By Timothy Chipp
Niagara Gazette — Since 2006, the Niagara Beautification Commission has been living up to its name with massive, citywide cleanup efforts. But this year’s fell victim to a strong dose of Mother Nature’s wrath Saturday.
Two days after thermometers touched 80 degrees, snowflakes whipped through the air and a brutal wind made it difficult for volunteers to pick up some of the trash around Niagara Falls during the latest Beautify Niagara.
After rain spoiled the 2012 cleanup, organizer Norma Higgs said she’s considering a date change.
“I think next year, we’re going to move it to May,” Higgs said through a smile, despite the temperature barely reaching 40 degrees Saturday afternoon. “With last year and now this year, it’s been brutal. In past years, we had nice days. We’d have kids playing in the park. But climate change has really changed the seasons.”
Though the weather put a damper on the mood, it didn’t have as much of an affect on the event’s turnout. Hundreds of volunteers shivered their way through cold temperatures to pick up stray trash along city streets. Focused efforts hit multiple sections of Niagara Falls, including downtown, around Hyde Park and Highland Avenue, though crews also made quick work of other areas too.
Assemblyman John Ceretto and his staff decided to take a bite out of the grounds outside his district office on Pine Avenue. He said the concerted effort to clean the city makes him proud to be representing the area.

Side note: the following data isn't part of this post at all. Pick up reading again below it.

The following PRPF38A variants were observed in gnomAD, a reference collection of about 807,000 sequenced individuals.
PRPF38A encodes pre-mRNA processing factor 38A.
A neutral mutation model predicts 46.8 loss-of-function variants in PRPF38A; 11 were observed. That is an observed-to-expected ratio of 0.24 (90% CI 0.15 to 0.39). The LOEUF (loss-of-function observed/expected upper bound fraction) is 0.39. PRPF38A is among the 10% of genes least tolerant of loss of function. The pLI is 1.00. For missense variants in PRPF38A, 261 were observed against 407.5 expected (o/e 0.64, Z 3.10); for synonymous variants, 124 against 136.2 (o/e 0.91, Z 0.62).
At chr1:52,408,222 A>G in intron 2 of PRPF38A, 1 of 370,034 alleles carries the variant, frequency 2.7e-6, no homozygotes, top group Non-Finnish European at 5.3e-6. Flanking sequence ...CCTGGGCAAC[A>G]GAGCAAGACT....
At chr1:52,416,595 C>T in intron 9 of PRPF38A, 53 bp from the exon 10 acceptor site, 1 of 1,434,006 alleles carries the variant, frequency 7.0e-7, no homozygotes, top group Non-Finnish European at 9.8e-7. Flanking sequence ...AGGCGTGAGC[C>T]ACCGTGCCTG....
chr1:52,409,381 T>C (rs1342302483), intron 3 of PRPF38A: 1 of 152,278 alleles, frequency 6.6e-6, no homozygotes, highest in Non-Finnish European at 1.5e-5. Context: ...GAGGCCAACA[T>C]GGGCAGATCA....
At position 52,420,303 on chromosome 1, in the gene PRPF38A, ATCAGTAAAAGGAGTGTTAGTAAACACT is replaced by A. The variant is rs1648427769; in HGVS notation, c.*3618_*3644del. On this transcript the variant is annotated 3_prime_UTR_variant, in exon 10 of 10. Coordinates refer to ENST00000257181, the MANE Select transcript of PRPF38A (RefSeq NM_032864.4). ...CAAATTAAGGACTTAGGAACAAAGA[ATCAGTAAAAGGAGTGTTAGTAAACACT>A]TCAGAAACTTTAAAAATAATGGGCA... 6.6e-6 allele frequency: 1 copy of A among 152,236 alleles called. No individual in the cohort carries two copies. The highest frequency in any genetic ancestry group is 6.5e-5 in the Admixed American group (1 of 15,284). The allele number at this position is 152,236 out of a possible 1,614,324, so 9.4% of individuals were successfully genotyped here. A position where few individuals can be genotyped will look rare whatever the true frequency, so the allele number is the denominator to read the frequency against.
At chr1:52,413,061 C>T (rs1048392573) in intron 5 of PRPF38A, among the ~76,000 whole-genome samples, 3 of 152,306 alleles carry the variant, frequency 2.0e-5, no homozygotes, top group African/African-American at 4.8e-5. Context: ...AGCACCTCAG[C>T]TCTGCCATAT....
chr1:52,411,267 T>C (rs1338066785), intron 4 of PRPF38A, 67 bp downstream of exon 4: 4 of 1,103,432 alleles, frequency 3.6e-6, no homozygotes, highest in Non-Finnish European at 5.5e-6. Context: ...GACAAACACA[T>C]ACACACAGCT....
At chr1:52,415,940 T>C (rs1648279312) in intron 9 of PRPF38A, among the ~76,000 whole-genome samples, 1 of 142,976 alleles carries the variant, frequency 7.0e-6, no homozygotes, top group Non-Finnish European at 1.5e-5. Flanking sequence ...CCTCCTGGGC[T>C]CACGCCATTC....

“It’s neighbors helping neighbors,” he said. “It was nice to be out in the community cleaning up the area. Outside our office, we try to keep it clean all year, but having all those people out doing it was great.”
While volunteers focused on picking up various pieces of litter, a different action was being taken by the city’s code enforcement office Saturday. Dennis Virtuoso and his staff went on a coordinated blitz of about 15 blocks in the city, an attempt to kick off a series of actions to make a lasting impression on the appearance of the city.
Virtuoso said the blitz produced more than 100 citations for a variety of code infractions, from peeling paint to things serious enough to require demolition. Now, all the office needs to do is follow up with more action, he said.
“This is going to be ongoing,” he said. “We’ll be out there doing this a couple times per month. We did it two years ago and had great results.”Contact reporter Timothy Chipp at 282-2311, ext. 2251 or follow on Twitter @timchipp.